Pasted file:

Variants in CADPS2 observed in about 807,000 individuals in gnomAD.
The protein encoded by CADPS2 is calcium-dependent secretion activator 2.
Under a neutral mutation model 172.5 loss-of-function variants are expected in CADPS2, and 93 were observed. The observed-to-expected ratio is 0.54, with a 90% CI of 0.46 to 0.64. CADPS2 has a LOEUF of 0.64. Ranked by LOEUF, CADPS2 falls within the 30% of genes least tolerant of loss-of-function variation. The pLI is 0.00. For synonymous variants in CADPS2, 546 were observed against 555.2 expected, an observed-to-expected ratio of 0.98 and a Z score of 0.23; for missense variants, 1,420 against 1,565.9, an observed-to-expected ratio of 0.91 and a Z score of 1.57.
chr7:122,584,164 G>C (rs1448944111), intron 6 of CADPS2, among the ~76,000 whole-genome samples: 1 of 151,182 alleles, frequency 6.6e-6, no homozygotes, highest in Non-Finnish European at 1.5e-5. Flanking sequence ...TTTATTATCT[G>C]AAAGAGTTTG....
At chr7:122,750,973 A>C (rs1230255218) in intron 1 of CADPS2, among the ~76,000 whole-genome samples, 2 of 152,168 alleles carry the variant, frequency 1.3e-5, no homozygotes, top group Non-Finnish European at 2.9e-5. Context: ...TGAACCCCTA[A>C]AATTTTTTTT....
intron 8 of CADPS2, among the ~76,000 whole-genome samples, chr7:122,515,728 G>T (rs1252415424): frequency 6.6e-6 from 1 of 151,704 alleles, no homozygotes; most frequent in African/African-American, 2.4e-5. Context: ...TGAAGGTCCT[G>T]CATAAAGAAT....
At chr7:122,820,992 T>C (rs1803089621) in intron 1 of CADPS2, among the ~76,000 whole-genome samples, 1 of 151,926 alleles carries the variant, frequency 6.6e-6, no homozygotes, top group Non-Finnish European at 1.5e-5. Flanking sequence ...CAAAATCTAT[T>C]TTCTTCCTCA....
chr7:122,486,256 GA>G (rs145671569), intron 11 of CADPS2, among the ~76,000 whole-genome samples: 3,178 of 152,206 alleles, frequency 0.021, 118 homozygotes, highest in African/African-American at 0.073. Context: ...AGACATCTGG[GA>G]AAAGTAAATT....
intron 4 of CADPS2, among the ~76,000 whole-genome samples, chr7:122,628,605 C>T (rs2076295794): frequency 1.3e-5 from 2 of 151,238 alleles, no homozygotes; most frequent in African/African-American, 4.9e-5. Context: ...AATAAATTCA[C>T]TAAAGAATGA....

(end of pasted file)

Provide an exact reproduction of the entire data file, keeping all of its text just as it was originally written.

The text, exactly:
Variants in CADPS2 observed in about 807,000 individuals in gnomAD.
The protein encoded by CADPS2 is calcium-dependent secretion activator 2.
Under a neutral mutation model 172.5 loss-of-function variants are expected in CADPS2, and 93 were observed. The observed-to-expected ratio is 0.54, with a 90% CI of 0.46 to 0.64. CADPS2 has a LOEUF of 0.64. Ranked by LOEUF, CADPS2 falls within the 30% of genes least tolerant of loss-of-function variation. The pLI is 0.00. For synonymous variants in CADPS2, 546 were observed against 555.2 expected, an observed-to-expected ratio of 0.98 and a Z score of 0.23; for missense variants, 1,420 against 1,565.9, an observed-to-expected ratio of 0.91 and a Z score of 1.57.
chr7:122,584,164 G>C (rs1448944111), intron 6 of CADPS2, among the ~76,000 whole-genome samples: 1 of 151,182 alleles, frequency 6.6e-6, no homozygotes, highest in Non-Finnish European at 1.5e-5. Flanking sequence ...TTTATTATCT[G>C]AAAGAGTTTG....
At chr7:122,750,973 A>C (rs1230255218) in intron 1 of CADPS2, among the ~76,000 whole-genome samples, 2 of 152,168 alleles carry the variant, frequency 1.3e-5, no homozygotes, top group Non-Finnish European at 2.9e-5. Context: ...TGAACCCCTA[A>C]AATTTTTTTT....
intron 8 of CADPS2, among the ~76,000 whole-genome samples, chr7:122,515,728 G>T (rs1252415424): frequency 6.6e-6 from 1 of 151,704 alleles, no homozygotes; most frequent in African/African-American, 2.4e-5. Context: ...TGAAGGTCCT[G>T]CATAAAGAAT....
At chr7:122,820,992 T>C (rs1803089621) in intron 1 of CADPS2, among the ~76,000 whole-genome samples, 1 of 151,926 alleles carries the variant, frequency 6.6e-6, no homozygotes, top group Non-Finnish European at 1.5e-5. Flanking sequence ...CAAAATCTAT[T>C]TTCTTCCTCA....
chr7:122,486,256 GA>G (rs145671569), intron 11 of CADPS2, among the ~76,000 whole-genome samples: 3,178 of 152,206 alleles, frequency 0.021, 118 homozygotes, highest in African/African-American at 0.073. Context: ...AGACATCTGG[GA>G]AAAGTAAATT....
intron 4 of CADPS2, among the ~76,000 whole-genome samples, chr7:122,628,605 C>T (rs2076295794): frequency 1.3e-5 from 2 of 151,238 alleles, no homozygotes; most frequent in African/African-American, 4.9e-5. Context: ...AATAAATTCA[C>T]TAAAGAATGA....